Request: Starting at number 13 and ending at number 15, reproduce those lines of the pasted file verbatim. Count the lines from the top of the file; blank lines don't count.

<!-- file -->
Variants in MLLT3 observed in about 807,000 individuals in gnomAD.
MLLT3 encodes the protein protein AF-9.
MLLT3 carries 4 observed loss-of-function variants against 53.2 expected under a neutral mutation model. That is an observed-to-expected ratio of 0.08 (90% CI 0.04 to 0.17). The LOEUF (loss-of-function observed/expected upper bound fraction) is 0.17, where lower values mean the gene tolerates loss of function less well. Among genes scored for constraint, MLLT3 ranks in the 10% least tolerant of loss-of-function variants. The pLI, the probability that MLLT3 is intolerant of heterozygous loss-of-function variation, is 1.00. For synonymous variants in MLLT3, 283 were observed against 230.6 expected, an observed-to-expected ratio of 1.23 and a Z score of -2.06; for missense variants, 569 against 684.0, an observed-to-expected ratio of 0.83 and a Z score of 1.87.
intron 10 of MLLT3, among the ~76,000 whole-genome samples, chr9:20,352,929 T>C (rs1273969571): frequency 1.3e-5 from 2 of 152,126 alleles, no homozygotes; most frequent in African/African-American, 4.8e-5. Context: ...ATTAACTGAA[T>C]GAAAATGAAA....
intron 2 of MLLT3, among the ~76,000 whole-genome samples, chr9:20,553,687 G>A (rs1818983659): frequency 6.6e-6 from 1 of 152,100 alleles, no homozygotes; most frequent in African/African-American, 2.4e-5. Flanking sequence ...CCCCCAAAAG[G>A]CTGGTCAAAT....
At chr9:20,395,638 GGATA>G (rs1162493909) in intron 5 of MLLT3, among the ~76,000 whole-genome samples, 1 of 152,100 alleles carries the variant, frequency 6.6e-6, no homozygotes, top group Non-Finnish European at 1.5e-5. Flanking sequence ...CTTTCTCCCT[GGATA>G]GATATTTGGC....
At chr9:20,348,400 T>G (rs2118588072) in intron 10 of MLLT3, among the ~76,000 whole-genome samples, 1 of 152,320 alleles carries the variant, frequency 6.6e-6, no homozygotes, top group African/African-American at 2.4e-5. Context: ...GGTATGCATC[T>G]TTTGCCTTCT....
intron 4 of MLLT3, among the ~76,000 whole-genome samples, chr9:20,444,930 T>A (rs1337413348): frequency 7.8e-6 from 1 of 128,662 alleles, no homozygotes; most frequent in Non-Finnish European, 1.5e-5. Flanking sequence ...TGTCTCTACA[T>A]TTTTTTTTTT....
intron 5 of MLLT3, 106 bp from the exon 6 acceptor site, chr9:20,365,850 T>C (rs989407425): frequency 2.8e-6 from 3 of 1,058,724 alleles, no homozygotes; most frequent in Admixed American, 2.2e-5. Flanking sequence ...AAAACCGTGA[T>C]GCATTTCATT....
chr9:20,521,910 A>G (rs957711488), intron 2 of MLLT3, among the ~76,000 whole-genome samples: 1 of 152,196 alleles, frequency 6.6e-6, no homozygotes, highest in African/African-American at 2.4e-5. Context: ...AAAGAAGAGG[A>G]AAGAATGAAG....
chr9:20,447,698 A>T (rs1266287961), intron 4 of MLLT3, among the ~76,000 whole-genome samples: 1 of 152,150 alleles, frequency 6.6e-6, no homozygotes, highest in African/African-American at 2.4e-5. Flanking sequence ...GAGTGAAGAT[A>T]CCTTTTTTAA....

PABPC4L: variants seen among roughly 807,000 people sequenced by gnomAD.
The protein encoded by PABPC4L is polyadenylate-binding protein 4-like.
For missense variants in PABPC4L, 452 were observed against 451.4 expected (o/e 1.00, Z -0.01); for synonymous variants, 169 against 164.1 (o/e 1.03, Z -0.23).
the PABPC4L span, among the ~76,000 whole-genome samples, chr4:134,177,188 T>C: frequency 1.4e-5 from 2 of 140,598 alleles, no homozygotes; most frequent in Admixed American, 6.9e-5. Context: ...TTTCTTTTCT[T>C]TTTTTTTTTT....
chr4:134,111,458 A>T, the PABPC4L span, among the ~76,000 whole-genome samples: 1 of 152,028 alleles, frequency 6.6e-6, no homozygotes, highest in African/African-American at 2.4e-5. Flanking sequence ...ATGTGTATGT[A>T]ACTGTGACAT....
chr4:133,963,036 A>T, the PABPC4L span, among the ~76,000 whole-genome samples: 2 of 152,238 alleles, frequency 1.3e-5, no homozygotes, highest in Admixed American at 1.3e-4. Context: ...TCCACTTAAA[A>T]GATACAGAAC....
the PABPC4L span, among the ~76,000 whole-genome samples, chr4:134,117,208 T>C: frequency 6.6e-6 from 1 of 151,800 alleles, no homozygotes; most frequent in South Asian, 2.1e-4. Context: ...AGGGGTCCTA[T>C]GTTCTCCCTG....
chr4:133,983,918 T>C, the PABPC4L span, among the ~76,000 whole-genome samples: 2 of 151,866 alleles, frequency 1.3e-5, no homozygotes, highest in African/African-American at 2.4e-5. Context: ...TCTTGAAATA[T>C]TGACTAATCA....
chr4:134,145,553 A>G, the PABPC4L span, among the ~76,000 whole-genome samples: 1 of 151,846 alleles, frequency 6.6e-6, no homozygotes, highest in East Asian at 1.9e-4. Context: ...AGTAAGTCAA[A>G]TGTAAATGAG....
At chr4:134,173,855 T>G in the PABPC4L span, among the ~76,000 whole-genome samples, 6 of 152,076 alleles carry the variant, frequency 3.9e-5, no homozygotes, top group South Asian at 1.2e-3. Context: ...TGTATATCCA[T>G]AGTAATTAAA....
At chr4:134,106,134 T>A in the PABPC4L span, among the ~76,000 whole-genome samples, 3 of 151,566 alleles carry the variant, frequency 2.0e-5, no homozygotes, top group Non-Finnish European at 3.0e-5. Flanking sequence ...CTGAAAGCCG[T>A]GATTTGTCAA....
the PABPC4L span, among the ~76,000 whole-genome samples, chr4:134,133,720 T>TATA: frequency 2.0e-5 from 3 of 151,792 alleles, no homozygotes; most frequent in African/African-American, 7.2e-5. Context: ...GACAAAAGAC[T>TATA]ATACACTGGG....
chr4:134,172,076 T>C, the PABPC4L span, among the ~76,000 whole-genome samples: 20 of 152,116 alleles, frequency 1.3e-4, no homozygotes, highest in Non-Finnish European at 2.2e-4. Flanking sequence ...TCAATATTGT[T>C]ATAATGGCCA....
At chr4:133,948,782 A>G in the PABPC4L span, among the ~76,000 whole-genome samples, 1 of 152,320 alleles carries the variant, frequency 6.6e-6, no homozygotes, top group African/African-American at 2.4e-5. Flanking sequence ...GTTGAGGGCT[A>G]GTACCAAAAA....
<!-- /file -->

The protein encoded by PABPC4L is polyadenylate-binding protein 4-like.
For missense variants in PABPC4L, 452 were observed against 451.4 expected (o/e 1.00, Z -0.01); for synonymous variants, 169 against 164.1 (o/e 1.03, Z -0.23).
the PABPC4L span, among the ~76,000 whole-genome samples, chr4:134,177,188 T>C: frequency 1.4e-5 from 2 of 140,598 alleles, no homozygotes; most frequent in Admixed American, 6.9e-5. Context: ...TTTCTTTTCT[T>C]TTTTTTTTTT....